My real friends do not shag in my presence. If I were ever to walk in on a couple of my non-TV friends and they were in some complicated nude entanglement, we, my real friends and me, would not know what to say to each other. We would probably just put rocks in our pockets and walk into the sea.
If, like me, you live in New York, then the Girls nudity situation is even more complicated. The cast of Girls are always out and about. I have seen them on the street. I met Jemima Kirke, who plays Jessa, at a party. I blushed because I was overcome with the feeling that I had seen her bum, even though it was probably not actually her bum but just the top half.
I encountered Adam Driver in the lobby of an apartment building and blushed again. I wanted to say “I have seen your bum, which is strange because I have had friends for 40 years and not seen their bums, and yet yours is more than familiar”, but somehow managed not to.
When it comes to TV bum-showing, we are facing a changed landscape. TV is now littered with body parts. Channel surfing is like staring at Jimi Hendrix’s Electric Ladyland album cover (featuring a dozen or so naked women). I used to do this a lot back in the late 1960s while thinking, “I hope, for the sake of these hoochie mamas, that the studio was not drafty when they shot this picture.”
A sea of wanton flesh. Recently on the season premiere of Mad Men, Roger Sterling lolled about in the nude. He concealed his todger with a phone and proceeded to take a call, giving himself the kittenish air of a Vargas girl.
Many of today’s TV actresses are willing to flaunt their bums, but they do not permit camera crews near their most secret areas. In this regard, movies are, yet again, leading the charge.
If you want to get a look at Charlotte Gainsbourg’s bits, all you have to do is buy a ticket to Nymphomaniac, the new Lars Von Trier movie. It should be noted that the penetration shots were filmed using porn stars, and then spliced in afterward.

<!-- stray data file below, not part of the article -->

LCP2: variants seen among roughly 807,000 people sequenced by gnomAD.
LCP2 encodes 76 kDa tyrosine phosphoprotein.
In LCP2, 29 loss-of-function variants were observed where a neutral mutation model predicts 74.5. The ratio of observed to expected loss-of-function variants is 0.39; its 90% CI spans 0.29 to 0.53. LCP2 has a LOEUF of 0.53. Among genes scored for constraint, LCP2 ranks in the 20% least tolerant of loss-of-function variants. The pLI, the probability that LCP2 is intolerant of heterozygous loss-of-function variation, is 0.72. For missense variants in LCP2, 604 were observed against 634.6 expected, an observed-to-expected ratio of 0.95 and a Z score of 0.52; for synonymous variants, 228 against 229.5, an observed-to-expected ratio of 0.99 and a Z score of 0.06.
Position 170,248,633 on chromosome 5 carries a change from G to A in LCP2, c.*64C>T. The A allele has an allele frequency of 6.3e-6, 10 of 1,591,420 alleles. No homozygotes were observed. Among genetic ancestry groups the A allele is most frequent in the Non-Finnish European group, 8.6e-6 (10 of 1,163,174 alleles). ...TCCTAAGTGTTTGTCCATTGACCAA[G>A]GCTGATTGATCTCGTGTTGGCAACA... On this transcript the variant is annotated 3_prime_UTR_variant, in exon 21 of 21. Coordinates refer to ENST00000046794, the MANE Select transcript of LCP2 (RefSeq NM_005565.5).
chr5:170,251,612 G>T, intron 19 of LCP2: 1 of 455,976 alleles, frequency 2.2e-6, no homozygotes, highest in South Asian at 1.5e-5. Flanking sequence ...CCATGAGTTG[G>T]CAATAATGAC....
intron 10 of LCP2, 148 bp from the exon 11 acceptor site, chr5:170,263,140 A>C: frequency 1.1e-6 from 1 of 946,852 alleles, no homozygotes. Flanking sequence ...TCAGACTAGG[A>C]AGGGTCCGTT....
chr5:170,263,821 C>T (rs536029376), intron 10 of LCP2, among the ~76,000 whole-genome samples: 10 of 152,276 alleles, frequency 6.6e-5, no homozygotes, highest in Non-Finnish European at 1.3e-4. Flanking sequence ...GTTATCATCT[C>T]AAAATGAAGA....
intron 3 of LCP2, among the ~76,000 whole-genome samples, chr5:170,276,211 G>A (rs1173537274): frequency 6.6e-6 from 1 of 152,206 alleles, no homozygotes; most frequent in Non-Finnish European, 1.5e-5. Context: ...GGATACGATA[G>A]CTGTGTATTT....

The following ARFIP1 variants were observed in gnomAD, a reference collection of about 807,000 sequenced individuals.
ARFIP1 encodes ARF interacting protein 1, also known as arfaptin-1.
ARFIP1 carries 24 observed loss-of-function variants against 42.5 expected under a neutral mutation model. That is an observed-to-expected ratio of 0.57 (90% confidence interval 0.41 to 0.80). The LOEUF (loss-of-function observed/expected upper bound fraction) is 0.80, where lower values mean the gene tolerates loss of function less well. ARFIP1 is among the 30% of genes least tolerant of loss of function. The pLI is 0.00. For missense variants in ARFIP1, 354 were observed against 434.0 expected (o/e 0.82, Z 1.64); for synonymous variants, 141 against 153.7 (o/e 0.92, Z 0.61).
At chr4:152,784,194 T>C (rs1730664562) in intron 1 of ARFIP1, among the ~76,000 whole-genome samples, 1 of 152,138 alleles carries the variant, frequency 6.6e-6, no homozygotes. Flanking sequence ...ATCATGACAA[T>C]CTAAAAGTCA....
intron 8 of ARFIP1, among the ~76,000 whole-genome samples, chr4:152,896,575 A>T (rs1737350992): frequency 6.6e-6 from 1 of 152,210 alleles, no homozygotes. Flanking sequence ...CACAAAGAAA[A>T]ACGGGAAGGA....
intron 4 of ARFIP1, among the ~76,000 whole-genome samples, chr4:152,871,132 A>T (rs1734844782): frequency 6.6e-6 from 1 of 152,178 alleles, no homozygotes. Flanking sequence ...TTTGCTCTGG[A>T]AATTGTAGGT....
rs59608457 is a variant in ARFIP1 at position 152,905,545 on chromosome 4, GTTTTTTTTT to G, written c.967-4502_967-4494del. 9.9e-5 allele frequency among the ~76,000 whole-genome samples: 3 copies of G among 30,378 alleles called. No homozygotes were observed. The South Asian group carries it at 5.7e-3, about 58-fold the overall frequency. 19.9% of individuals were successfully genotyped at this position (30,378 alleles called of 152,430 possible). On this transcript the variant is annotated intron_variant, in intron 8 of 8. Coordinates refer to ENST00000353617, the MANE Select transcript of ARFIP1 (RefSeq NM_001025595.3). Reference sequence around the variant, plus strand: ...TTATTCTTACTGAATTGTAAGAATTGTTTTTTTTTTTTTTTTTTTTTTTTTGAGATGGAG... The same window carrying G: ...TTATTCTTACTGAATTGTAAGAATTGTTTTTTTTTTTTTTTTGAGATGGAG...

And Dieu merci for that! When, in years to come, Dame Charlotte is watching her old movies with her grandkids and the vicar, she can always say, “Yes, that’s my bum and my boobies, but the minge shots, c’est une autre jeune fille. More tea? Une madeleine?”
Between those wicked drafts and my confusion over real friends and TV friends, screen nudity is never a source of pleasure to me. Unless, of course, it involves Alan Bates and Oliver Reed. In 1969 I, along with a bunch of horny school chums, went to the movies to see Ken Russell’s Women in Love, starring Glenda Jackson and Alan and Oliver. (I recently saw it again when Anthony Bourdain selected it for his TCM Food in the Movies series because of the fig eating/cunnilingus scene. Naughty!)
Miss Jackson showed her bum and her boobies, which all my schoolmates very much appreciated. I, on the other hand, was feeling a bit left out. Then came the famous nude wrestling scene where I got to see not just willies and bums, but also two butch hairy male actresses hugging each other in front of a blazing log fire. (Good for countering drafts.) Loved it! See, I told you I’m a feminist! – Slate / The Washington Post News Service
* Simon Doonan is an author, fashion commentator, and creative ambassador for Barneys New York.